Published: Thu, April 12, 2018
Medicine | By Earnest Bishop

Night owls at greater risk of death than early birds, say scientists

Night owls at greater risk of death than early birds, say scientists

Being a night owl comes with a 10% higher risk of death than being a morning person, according to a new study.

The research, which involved almost half a million people, found that self-described "evening people" were 10 percent more likely to die over a 6.5-year period, compared with self-described morning people. In order to evaluate natural circadian rhythm, otherwise known as their chronotype, participants were asked to identify as "definitely a morning person", "more a morning person than evening person", "more an evening than a morning person" or "definitely an evening person".

The habits of a night owl are one thing that may increase the risk for early death.

Dr Kristen Knutson, a member of the team from Northwestern University in Chicago, US, said: "Night owls trying to live in a morning lark world may have health consequences for their bodies".

"It could be psychological stress, eating at the wrong time for the body, not exercising enough, not sleeping enough, being awake at night by yourself, maybe drug or alcohol use".

But the study should still be a wake-up call for night owls, who may want to take extra efforts to maintain a healthy lifestyle, she said.

"It is a public health problem that cannot be ignored", said Malcolm von Schantz, a professor of chronobiology at Surrey University.

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"We should discuss allowing evening types to start and finish work later, where practical", he said in the statement.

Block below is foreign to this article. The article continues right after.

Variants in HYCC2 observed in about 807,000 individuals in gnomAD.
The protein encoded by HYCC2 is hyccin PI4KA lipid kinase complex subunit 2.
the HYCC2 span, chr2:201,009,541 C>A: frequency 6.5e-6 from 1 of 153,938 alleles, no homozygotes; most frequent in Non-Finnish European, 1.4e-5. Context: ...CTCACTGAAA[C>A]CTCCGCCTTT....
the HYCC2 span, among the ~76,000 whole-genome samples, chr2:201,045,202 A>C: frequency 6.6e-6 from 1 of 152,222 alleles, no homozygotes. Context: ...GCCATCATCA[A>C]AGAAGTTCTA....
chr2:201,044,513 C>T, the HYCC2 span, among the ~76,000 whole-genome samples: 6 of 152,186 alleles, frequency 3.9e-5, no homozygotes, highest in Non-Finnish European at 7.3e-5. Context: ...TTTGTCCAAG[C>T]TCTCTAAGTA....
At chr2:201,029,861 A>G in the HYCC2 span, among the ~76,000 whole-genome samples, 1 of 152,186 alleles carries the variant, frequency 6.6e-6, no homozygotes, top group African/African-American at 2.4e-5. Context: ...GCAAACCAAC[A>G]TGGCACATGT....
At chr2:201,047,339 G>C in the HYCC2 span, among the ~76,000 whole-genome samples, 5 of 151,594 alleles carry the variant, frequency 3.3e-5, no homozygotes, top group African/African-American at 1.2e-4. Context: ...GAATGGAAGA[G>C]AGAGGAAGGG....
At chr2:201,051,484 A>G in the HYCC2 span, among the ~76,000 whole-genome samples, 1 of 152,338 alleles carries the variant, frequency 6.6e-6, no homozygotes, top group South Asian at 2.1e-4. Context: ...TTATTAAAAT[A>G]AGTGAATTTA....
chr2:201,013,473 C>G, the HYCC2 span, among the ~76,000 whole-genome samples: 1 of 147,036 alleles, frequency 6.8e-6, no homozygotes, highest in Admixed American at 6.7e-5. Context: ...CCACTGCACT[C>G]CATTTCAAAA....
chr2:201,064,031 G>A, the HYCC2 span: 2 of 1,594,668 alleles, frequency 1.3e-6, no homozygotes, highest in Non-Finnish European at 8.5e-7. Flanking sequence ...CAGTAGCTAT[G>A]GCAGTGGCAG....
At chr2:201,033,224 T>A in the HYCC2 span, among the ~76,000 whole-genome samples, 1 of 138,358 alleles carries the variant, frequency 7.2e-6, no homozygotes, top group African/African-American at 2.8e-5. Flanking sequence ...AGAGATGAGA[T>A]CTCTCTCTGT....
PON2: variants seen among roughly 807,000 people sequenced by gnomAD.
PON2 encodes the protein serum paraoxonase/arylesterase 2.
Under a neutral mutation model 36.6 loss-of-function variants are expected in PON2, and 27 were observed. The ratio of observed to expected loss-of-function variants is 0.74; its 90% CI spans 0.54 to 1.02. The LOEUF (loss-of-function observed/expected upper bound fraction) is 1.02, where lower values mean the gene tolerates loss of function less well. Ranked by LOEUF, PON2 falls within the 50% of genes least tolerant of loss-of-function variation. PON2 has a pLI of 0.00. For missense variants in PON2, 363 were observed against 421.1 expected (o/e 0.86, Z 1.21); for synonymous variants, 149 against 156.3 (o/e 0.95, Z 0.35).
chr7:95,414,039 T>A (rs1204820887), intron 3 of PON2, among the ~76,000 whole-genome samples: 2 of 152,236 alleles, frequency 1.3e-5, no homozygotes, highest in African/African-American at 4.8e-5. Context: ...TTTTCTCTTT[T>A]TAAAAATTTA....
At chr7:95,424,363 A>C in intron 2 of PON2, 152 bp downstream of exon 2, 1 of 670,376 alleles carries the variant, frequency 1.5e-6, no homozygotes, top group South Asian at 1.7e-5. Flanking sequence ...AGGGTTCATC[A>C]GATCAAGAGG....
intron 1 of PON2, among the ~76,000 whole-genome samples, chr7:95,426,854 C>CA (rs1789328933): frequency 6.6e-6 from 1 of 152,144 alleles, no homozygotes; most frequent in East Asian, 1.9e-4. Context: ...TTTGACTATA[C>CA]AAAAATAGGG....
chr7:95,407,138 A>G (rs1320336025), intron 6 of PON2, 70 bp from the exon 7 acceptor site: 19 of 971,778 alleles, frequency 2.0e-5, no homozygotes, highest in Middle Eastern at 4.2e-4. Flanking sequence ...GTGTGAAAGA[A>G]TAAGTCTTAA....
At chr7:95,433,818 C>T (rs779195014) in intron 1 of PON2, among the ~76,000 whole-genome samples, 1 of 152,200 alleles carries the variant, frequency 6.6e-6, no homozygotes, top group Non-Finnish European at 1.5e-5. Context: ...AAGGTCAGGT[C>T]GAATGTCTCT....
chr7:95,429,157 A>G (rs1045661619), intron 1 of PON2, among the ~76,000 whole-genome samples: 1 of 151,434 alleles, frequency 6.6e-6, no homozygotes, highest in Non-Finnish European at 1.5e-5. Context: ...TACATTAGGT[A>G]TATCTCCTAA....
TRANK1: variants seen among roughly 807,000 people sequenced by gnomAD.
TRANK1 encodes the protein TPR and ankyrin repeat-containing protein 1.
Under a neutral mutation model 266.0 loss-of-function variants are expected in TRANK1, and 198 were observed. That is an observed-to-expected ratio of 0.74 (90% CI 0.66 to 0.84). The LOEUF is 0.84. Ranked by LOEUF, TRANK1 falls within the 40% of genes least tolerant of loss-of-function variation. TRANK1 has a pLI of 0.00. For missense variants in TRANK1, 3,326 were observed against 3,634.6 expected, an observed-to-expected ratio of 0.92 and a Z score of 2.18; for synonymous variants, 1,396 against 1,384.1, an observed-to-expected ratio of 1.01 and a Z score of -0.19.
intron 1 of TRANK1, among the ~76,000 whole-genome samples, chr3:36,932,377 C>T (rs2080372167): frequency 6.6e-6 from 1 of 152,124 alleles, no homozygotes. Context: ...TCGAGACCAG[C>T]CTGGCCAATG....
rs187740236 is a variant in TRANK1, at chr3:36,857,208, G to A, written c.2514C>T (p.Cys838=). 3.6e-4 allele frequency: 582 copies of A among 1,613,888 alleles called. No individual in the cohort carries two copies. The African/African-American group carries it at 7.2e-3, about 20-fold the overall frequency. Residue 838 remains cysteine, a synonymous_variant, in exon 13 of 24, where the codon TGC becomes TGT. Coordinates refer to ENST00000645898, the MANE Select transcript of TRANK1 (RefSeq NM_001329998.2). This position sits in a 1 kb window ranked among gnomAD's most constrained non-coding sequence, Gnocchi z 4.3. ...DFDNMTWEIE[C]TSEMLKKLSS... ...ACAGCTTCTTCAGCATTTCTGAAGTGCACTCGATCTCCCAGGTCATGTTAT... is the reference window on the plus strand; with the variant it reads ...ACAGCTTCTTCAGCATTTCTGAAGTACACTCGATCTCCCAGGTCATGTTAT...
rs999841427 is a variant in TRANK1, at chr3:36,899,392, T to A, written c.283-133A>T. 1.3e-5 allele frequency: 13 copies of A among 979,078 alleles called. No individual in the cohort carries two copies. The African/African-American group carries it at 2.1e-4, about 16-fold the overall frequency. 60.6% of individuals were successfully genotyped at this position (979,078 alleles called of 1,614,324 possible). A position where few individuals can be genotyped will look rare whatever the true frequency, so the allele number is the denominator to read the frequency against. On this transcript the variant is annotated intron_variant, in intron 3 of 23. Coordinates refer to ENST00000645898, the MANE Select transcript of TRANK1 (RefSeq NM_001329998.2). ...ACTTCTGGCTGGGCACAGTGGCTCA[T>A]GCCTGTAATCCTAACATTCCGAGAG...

The volunteers involved in the study were self-characterized either as "definite morning type" (27%), "moderate morning type" (35%), "moderate evening type" (28%) or "definite evening type" (9%).

However, it's not all doom and gloom for those of you that prefer the cover of the Moon.

"The mismatch between their internal biological clock and their behavior and environment is problematic, especially in the long run", Knutson said. Definitive night owls had nearly double the risk of suffering from psychological disorders, about a 30% increased risk for diabetes, a 25% increased risk for neurological conditions, 23% increased risk for gastrointestinal disorders, and a 22% increased risk for respiratory disorders. He also argued that the study is heavily based on findings from white Britons.

"If we can recognize these chronotypes are, in part, genetically determined and not just a character flaw, jobs and work hours could have more flexibility for owls", said Knutson.

But regardless of the reason for the link, people may have some control over whether they are morning or evening people, the researchers said. Getting your boss to let you clock in to work later in the day could help, too.

"You also need to really avoid light at night, including your smartphone and your tablets", she added.

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